This weekend’s foodie festival wasn’t all about food.  There were plenty of libations to keep even the thirstiest satisfied.  Besides the drinks master classes and without even mentioning the Casillero del Diablo wine stand I counted, three separate coffee stands, as well as milkshake, smoothies, juices of varying ingredients from fruit and vegetable to herbal, organic milk products, spiced hot chocolate, a range of teas, cider, water, beers, Oxfordshire Ales, sangria, rum, three further wine stands, a bubbly import stand, ginseng spirit and gin. By the time I got to men serving Mojitos I had lost count and decided maybe I should just stick with the master classes.


I ventured into the Casillero del Diablo tasting and was pleasantly surprised by their honesty. We started with a 100% Chardonnay sparkling wine made using the tank method instead of bottle fermentation. Now I have to admit I am a bit of a snob when it comes to sparkling. I don’t necessarily need Champagne, but I do prefer traditional method.  (I once tried an Australian sparkling, and promise never to make that mistake again. The sweet, spicy red bubbly would have been as easily achieved by mixing mulled wine with lemonade instead of being created in a winery.)  Hence, why I was a bit sceptical when the South American sparkling was put before me.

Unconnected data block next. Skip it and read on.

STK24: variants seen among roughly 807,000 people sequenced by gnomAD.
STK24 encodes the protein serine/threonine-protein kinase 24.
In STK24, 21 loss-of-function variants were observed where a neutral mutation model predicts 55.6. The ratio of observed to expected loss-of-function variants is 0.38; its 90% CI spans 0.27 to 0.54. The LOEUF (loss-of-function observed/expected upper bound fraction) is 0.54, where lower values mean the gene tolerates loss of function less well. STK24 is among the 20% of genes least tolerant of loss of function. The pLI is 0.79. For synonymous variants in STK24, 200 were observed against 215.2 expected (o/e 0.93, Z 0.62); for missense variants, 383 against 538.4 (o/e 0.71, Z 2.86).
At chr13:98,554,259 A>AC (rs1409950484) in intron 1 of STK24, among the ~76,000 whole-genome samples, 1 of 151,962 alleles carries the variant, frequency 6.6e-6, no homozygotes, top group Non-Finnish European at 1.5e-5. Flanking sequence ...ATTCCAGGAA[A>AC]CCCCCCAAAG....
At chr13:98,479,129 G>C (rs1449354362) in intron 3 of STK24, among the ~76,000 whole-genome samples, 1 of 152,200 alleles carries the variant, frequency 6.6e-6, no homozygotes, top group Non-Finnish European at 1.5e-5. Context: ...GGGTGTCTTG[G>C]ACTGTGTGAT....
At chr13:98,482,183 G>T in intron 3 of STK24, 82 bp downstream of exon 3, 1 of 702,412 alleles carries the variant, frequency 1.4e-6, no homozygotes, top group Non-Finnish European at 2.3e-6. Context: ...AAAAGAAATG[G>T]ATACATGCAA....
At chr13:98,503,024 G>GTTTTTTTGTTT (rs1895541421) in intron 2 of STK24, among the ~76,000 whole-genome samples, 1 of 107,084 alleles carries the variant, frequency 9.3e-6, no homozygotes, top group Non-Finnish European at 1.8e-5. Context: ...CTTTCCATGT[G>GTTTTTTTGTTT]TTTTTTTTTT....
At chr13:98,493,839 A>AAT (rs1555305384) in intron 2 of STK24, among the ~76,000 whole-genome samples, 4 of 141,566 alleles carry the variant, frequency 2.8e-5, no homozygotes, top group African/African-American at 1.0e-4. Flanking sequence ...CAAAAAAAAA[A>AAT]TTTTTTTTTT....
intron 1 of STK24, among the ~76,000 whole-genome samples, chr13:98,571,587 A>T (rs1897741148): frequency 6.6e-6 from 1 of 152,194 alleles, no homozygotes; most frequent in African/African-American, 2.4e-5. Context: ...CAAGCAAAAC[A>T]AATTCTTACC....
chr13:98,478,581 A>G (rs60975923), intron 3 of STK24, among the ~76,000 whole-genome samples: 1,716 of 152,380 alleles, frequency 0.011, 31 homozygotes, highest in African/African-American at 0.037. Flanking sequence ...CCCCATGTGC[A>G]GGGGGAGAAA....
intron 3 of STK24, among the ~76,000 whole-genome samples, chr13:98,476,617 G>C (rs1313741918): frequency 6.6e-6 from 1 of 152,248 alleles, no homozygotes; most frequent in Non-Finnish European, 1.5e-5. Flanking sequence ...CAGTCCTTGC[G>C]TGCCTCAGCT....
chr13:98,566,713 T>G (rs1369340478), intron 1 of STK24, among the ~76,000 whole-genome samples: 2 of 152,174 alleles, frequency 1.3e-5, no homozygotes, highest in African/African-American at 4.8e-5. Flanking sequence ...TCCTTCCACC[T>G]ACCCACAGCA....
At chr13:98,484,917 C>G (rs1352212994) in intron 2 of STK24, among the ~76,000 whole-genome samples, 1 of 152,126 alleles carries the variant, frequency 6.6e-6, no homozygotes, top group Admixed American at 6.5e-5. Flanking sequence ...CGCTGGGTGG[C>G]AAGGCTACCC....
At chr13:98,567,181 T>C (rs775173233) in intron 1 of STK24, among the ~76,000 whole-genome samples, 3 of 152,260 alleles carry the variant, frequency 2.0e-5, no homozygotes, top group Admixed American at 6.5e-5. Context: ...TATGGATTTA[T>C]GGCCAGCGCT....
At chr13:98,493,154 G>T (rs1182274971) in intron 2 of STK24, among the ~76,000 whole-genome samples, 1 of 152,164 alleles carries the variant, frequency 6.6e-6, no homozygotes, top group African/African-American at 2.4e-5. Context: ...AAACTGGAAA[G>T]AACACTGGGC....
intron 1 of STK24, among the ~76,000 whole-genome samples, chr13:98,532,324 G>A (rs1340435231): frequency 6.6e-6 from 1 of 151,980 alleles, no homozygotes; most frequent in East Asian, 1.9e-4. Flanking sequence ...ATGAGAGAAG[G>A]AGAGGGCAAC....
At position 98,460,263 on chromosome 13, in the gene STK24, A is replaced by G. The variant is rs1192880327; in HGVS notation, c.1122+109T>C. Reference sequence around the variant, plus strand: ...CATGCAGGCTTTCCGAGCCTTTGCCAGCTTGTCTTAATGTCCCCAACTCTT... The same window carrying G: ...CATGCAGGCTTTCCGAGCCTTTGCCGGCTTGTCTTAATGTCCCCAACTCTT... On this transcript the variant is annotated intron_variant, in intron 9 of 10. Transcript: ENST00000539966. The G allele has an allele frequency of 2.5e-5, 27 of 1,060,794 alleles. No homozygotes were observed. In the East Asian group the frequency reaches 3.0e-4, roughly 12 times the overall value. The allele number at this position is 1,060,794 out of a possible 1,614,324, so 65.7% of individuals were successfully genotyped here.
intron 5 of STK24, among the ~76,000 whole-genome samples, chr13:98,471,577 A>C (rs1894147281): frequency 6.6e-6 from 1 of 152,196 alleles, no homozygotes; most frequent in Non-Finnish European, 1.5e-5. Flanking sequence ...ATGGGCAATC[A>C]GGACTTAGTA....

The refreshing bit was that Lee Jones, didn’t even attempt to compare it to Champagne. He described the tank method as giving the wine a clean, zesty flavour with out getting distracted by the biscuit notes. (I actually like biscuit notes.)  He said it was a “welcoming wine” with light flavour that doesn’t need food, “perfect to bring to a party, or to welcome guests to dinner, but it wasn’t a celebratory wine.” I agree on all statements.  I disagree with his “inexpensive” description at £10 and prefer to add “moderately” before the inexpensive adjective.

One theme I was happy to see repeated throughout the Foodies Festival was the temperature at which to serve red wine, between 14-18 degrees Celsius.

It was noted by every presenter that the rules about room temperature reds were created during the Victorian times, before central heating.

Wine expert Charles Metcalfe, went on to describe the unpleasant effects of current day room temperature (20 degrees or warmer) on red wine. “All you end up tasting is the alcohol.  You lose those nice subtle notes and flavours that make wine worth drinking.  It should be cool, I’m not saying freeze the bejeezus out of it.”

Lee Jones added,  “Before you serve wine at your next dinner party, stick it in the fridge for 20 minutes are put it over ice.” Of course he meant the bottle not the wine.


Watch the video of Susy Atkins from the Foodies Festival in Oxfordshire.


Wine events in the near future